Trips to foreign countries – usually exchanges during which students stay in the home of a local family – are more common in high schools, but if, like me, you happen to work at a junior high school that has one, you should try to take as active a role in the proceedings as possible. In my case, for a week or so every June I act as interpreter for a group of ten students and two teachers from Tennessee, something that involves sightseeing, time on the beach and at the local mall, free meals, origami, calligraphy and the tea ceremony, as well as meet-and-greets with the mayor, head of the board of education, local councillors and so on.

The exchange is also a unique opportunity to organise some English lessons which involve your students conversing (well, attempting to converse) with genuine native speakers, so if a class like this is in the offing, make sure to suggest some fun, communicative activities in advance (this may sound like stating the obvious, but I have on more than one occasion witnessed JTEs do the usual boring, all-Japanese-all-the-time, read-and-repeat English lessons, as American students and / or teachers sit at the back of the classroom, silent and bored).

9. Student council elections (生徒総会 / せいとそうかい / seito-sohkai)

At between twelve and fifteen years old, most of your students – bless their little hearts – are not the best at public speaking, and nor are they likely to turn what is essentially a political event into something fun or showbizzy, so having attended a couple of these in my early years as an ALT, I now make a point of avoiding them.

Interest rating: 1/5
When does it happen? At the beginning of the school year.
How long does it last? A couple of hours on a weekday afternoon.
Do I have to go? No.
What should I wear? Normal work clothes.

10. Guest lecturers (講演会 / こうえんかい / koh-enkai)

A couple of times a year the school will invite guest lecturers to talk to the students on various topics: for example, drug and alcohol abuse or traffic safety. It very much depends on how charismatic – or otherwise – the lecturer is, but if you don’t have something more important to do in the staff room, these can be worth checking out, if only because they make for good Japanese listening practice. I’ve seen lectures that merely involved an old guy reading from a script and clicking through an ineptly produced Powerpoint presentation, but on the other hand, I once attended a lecture by a woman whose son had committed suicide – not easy listening, for sure, but a fascinating insight into an aspect of Japanese society that isn’t normally discussed.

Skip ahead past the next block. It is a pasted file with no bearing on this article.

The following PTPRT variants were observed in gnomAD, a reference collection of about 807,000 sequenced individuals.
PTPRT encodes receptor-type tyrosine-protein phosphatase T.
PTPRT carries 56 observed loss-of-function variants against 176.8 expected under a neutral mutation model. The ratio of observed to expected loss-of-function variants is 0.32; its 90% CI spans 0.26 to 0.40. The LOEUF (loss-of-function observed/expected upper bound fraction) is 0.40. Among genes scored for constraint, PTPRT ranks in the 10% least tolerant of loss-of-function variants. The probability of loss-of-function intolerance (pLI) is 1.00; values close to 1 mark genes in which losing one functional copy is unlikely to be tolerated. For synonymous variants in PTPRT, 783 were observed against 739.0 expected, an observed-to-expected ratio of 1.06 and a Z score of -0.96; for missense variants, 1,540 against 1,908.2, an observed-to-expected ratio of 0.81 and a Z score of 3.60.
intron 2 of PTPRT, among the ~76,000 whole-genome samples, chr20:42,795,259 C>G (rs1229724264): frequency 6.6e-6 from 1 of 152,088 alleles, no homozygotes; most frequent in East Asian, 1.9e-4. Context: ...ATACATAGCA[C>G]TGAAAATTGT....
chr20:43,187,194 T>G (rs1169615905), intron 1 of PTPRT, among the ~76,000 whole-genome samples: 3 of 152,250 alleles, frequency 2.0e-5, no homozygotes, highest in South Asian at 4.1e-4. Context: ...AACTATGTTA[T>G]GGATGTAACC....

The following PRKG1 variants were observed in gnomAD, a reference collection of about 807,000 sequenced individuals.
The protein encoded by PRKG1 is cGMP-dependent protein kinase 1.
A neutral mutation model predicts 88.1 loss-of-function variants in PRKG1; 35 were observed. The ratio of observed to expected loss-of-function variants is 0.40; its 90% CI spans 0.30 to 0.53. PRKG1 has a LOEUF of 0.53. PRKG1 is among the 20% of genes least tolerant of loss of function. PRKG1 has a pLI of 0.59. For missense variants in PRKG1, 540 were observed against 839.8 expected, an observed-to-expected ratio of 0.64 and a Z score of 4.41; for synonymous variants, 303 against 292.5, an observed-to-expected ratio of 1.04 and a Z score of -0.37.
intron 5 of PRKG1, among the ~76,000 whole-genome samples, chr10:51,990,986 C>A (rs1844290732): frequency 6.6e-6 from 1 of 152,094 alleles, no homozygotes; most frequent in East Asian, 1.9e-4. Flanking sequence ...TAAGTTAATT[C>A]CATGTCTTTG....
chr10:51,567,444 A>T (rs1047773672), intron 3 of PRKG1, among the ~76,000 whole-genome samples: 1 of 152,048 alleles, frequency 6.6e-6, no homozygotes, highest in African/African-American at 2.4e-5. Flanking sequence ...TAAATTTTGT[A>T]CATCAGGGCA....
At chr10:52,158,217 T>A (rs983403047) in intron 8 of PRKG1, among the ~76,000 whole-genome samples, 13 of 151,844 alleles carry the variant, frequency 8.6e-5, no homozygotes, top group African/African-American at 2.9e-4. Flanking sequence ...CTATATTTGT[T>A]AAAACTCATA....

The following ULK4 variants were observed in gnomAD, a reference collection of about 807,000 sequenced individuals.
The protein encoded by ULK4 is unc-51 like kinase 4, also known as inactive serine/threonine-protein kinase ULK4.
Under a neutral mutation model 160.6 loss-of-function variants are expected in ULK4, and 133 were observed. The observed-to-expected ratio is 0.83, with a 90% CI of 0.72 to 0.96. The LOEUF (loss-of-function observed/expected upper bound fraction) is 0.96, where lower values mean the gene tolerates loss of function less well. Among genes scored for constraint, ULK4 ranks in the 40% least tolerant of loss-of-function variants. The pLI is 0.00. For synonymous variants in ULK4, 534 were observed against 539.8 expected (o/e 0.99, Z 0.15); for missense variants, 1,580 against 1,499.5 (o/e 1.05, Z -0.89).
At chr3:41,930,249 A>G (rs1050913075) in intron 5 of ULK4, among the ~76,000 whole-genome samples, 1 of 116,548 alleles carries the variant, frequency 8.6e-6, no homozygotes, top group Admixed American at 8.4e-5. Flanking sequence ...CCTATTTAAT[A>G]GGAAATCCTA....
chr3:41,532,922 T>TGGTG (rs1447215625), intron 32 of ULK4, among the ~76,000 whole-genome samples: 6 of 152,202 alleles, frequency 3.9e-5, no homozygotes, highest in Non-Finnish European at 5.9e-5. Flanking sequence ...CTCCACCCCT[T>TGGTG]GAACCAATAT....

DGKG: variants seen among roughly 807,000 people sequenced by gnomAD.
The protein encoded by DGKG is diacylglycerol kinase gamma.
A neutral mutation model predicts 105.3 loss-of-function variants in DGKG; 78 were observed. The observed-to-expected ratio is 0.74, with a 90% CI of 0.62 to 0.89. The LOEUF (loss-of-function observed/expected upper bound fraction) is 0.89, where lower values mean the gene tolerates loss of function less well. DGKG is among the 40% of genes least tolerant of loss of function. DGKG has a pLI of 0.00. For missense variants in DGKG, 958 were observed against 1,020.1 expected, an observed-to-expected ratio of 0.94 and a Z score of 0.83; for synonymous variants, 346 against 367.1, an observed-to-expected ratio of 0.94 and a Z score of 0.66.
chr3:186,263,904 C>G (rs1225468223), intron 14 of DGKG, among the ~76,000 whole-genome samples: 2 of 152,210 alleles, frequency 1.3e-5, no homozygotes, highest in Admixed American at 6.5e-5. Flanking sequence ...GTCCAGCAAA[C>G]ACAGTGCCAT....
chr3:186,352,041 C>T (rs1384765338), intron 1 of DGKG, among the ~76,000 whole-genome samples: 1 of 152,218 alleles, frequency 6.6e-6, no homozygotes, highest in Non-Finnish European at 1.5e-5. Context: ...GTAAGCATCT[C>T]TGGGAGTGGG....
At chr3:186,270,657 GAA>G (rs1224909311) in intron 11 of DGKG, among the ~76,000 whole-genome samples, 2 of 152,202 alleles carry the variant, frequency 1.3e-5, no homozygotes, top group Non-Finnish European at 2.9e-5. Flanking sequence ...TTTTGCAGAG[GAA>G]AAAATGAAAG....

Interest rating: 2/5
How long does it last? An hour or two on a weekday afternoon.
Do I have to go? No.
What should I wear? Normal work clothes.

Regular events

1. Open day (授業参観 / じゅぎょうさんかん / jugyoh-sankan)

This is another one of those times when you will (probably) be expected to go to work on a Saturday, and then (probably) get the following Monday off. It’s also one of the very few times in the school year that your JTE will go all-out to create a super-duper, activity-filled English class, producing all kinds of laminated flashcards, complicated worksheets, full-colour posters, slideshows, and so on and so forth.

The day itself will start off ordinarily enough, with a normal morning of four classes and probably a bento lunch, but as the afternoon and fifth period approach, parents, grandparents, and siblings will start to arrive, and will be standing at the back of the classroom or milling around in the corridor when the class begins. Once fifth period is over you can relax and quite possibly go home early, as everyone else will disappear to take part in a PTA meeting.

As well as one or two open days during the course of the school year, there will also be times when bigwigs from the BOE turn up to ‘observe’ classes on a weekday, something that’s known as a ‘planned visit’ (計画訪問 / けいかくほうもん / keikaku-hohmon). Your JTE will probably make even more of a fuss – and put on even more of a performance – for these, but because the bigwigs in question often visit every single class in the school during a single fifty-minute period, what invariably happens is that a) they appear in your classroom for approximately thirty seconds before moving on to the next one, and b) you have no way of predicting at what point in the class this will happen, so are doing something really tedious – like reading and repeating from the textbook – when it does.

Interest rating: 3/5
When does it happen? A Saturday in mid-April, and sometimes again later in the school year.
How long does it last? The open class itself is only one period in the afternoon, but you’ll be expected to work the whole day.
Do I have to go? Probably, but possibly not if you’re a dispatch ALT.
What should I wear? Normal work clothes, but try to look as presentable as you can.

2. Evacuation drill (避難訓練 / ひなんくんれん / hinan-kunren)